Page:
Florida parents going through a divorce are often very concerned about how much time they will get to spend with their child post-divorce. Knowing that you will not have your child in your care 24/7 is difficult to deal with. However, Florida law recognizes that children thrive when they have a meaningful relationship with both parents and the law bases physical child custody — known as time-sharing — decisions with this goal in mind.
Florida public policy on time-sharing
Florida law recognizes that public policy requires a child to have frequent and continuing contact with each parent post-divorce. Parents are encouraged to share the rights, responsibilities and joys of raising their child. Contrary to what some parents may believe, mothers are not given priority over fathers when it comes to time-sharing decisions. Instead, time-sharing decisions are based on the “best interests of the child.”
Best interests of the child factors
Courts will consider a variety of factors when determining the best interests of the child. Each parent’s ability and willingness to facilitate and encourage the child to have a relationship with the other parent, to adhere to the time-sharing schedule and to act reasonably if modifications need to be made will be considered. Each parent’s ability and willingness to prioritize the child’s needs above their own will be considered as well.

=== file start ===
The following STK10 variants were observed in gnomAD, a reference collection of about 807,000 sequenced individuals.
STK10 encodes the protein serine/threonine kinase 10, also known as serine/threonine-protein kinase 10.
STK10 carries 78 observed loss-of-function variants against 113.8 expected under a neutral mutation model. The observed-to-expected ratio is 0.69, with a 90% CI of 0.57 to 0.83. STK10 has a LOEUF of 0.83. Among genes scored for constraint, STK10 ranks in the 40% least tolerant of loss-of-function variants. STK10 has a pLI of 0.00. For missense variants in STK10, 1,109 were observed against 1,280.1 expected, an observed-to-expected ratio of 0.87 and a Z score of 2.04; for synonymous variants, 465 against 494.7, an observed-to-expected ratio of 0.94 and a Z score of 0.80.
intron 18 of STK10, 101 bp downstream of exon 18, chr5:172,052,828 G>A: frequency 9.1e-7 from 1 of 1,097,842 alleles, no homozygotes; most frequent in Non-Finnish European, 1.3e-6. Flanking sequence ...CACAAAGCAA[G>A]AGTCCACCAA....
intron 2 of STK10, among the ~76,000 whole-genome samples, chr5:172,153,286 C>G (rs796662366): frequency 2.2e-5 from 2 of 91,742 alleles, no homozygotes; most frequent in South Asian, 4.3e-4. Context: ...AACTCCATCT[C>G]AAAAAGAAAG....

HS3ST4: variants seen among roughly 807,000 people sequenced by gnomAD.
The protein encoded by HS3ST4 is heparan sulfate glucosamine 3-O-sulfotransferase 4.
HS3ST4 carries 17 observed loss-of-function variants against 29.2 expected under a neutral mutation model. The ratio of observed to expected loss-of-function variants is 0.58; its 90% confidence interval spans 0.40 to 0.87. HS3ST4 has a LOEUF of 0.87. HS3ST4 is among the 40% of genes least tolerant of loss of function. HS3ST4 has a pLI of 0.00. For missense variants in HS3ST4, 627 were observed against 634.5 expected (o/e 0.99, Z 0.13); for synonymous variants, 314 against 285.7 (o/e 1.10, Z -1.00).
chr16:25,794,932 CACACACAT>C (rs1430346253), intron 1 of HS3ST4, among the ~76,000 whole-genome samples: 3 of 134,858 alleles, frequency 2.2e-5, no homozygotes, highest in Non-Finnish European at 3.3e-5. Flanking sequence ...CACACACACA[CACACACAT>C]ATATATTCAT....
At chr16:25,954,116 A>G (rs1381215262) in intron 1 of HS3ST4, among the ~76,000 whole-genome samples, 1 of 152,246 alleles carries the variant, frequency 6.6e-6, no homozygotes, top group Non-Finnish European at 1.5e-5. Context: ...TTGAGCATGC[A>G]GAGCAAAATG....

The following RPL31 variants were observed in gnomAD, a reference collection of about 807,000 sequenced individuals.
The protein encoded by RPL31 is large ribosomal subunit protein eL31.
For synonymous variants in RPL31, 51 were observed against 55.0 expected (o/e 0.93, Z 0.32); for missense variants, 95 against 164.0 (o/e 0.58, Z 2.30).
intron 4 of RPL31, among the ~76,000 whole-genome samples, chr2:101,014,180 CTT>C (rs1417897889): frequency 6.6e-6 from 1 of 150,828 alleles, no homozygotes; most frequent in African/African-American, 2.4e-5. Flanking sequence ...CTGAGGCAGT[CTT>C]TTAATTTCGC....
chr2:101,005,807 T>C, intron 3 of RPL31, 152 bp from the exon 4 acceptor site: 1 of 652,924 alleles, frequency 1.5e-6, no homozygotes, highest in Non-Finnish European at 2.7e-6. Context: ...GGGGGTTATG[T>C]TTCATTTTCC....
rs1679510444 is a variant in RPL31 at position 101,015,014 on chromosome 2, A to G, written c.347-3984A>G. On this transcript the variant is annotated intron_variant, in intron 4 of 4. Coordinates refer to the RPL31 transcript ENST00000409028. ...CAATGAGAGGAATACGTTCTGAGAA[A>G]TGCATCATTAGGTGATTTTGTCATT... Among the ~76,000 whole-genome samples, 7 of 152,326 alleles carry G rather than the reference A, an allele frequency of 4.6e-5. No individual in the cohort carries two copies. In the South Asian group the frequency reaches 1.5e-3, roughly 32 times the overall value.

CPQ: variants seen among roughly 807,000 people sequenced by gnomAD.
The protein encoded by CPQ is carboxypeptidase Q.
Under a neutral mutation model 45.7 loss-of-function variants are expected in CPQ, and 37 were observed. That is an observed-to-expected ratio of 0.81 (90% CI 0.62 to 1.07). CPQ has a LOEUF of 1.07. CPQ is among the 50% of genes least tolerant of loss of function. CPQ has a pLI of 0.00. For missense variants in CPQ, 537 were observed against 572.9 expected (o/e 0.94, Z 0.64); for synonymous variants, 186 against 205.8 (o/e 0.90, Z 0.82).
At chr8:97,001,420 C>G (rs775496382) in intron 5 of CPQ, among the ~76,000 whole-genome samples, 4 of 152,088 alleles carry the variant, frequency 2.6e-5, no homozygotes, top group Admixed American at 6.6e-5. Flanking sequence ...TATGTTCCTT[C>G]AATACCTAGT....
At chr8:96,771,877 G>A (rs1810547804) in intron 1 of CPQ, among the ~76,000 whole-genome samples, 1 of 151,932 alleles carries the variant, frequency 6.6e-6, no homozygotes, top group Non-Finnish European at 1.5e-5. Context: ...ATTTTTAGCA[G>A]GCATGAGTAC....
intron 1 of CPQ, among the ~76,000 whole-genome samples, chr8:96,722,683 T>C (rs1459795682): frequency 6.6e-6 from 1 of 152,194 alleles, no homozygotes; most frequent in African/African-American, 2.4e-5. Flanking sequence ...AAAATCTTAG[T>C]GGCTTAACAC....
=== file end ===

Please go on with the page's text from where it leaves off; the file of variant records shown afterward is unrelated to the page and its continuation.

How long the child has lived in a stable environment and whether this should be continued may be considered. The child’s home, school and community record may be considered. The division of parental responsibilities including third-party care responsibilities will be considered. Whether the parenting plan is feasible geographically will be considered.
Each parent’s ability and willingness to keep each other informed about the child’s friends, health, activities and favorite things may be considered. Each parent’s ability and willingness to provide the child with a stable routine and be involved in the child’s education and extracurricular activities may be considered. The tasks each parent customarily undertook prior to and during the divorce may be considered. The child’s developmental needs and each parent’s willingness and ability to meet these needs will be considered.
Each parent’s health and moral fitness will be considered. The child’s preference will be considered as long as it is reasonable. Whether domestic violence or substance abuse is an issue will be considered. Each parent’s ability and willingness to protect the child’s interests during the divorce process may be considered. Finally, courts will consider any other relevant factors when making time-sharing decisions.
Learn more about time-sharing in Florida
Time-sharing decisions can be difficult to make, so it is important that the child’s best interests are prioritized. Florida parents who want to learn more about time-sharing in Florida may find our firm’s website to be a useful resource.